Salmonellosis in a Boa constrictor
History: A 3-year-old female Boa constrictor has no prior clinical signs.
Gross findings: The snake was in good body condition. The ventral scales were multifocally reddened, and the gingiva of the upper jaw was reddened. The gall bladder was moderately distened with bile, and the bile duct was not patent.
The duodenum distal to the bile duct was dilated, and the serosal surface was dark red to black. The mucosa was hyperplastic, and necrotic.
The liver contained multifocal tan foci from 1-3 mm throughout the organ.
The pericardium contained 7 ml of clear serous fluid.
Duodenum: The mucosa was hyperplastic and covered by a thick mat of fibrin, necrotic cellular debris (diphtheritic membrane), mixed with serum and degenerate heterophils. There was bacterial overgrowth (post-mortem).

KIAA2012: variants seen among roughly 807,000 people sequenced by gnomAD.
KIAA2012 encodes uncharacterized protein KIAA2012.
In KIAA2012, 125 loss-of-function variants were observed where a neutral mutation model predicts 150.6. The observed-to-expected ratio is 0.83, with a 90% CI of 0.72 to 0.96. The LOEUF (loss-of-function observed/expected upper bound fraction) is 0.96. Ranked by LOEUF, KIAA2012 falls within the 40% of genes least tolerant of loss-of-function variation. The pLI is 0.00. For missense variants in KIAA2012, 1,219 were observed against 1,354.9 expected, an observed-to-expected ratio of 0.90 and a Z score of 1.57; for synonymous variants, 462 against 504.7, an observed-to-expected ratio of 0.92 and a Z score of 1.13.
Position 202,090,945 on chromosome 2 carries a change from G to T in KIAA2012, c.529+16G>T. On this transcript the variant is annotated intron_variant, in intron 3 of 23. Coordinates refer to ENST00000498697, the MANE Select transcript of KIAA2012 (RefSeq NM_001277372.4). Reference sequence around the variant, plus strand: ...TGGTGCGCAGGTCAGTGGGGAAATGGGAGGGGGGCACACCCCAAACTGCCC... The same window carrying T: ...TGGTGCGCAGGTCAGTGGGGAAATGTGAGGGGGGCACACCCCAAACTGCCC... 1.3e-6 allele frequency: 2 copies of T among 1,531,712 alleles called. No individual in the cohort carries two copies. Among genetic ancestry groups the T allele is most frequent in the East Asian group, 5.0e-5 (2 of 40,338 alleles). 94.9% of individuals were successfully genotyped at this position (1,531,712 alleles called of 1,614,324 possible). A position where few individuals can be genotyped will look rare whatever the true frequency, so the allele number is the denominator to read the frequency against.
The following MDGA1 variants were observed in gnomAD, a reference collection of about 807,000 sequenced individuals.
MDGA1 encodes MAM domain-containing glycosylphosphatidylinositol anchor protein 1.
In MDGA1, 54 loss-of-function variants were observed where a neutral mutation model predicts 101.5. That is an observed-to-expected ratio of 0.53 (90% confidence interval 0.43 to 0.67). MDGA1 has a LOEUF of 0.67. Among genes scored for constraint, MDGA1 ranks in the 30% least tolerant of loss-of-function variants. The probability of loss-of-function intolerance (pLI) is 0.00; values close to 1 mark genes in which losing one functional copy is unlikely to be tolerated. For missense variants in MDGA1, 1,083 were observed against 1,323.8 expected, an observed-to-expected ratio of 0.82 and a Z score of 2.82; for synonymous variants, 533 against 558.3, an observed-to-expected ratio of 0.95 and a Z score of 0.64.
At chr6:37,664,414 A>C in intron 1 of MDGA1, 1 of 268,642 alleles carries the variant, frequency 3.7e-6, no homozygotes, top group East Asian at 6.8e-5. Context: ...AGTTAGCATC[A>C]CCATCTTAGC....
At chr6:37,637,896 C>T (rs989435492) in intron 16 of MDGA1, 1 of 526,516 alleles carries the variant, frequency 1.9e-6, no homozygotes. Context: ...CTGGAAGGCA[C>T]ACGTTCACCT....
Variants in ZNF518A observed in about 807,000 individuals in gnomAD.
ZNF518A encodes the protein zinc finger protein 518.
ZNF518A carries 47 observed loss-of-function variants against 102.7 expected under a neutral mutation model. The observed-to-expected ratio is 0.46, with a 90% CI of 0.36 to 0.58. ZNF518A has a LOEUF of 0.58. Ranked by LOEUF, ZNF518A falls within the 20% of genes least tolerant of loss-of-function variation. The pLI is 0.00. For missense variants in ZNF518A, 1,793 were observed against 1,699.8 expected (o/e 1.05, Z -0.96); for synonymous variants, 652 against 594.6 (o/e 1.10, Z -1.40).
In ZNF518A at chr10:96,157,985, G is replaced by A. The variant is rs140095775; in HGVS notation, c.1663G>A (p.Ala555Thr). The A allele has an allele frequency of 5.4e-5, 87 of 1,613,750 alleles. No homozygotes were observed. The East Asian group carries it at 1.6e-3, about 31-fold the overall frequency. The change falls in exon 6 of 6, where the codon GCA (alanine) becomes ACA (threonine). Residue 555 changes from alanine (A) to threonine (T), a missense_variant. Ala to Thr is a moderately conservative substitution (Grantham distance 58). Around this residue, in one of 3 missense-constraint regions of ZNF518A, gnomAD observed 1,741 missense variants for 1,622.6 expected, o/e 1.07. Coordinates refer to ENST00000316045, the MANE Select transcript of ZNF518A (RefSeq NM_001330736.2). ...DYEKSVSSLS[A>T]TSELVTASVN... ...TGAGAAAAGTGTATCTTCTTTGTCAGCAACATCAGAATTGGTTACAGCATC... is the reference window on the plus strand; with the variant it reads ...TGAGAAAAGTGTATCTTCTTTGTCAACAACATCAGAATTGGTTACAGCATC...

Liver: The liver was moderately autolyzed, but even so,there are discernable random multifocal areas of hepatocellular lytic necrosis.
Heart: There is multifocal myocardiocyte degeneration and necrosis, and accumulation of large numbers of macrophages and fibroblast proliferation.
Bacterial Culture: Salmonella group D1, and D2 was cultured from all tissues.
Salmonellosis is a common cause of fibrino-necrotic enteritis, necrotizing hepatitis and septicemia in lizards and snakes.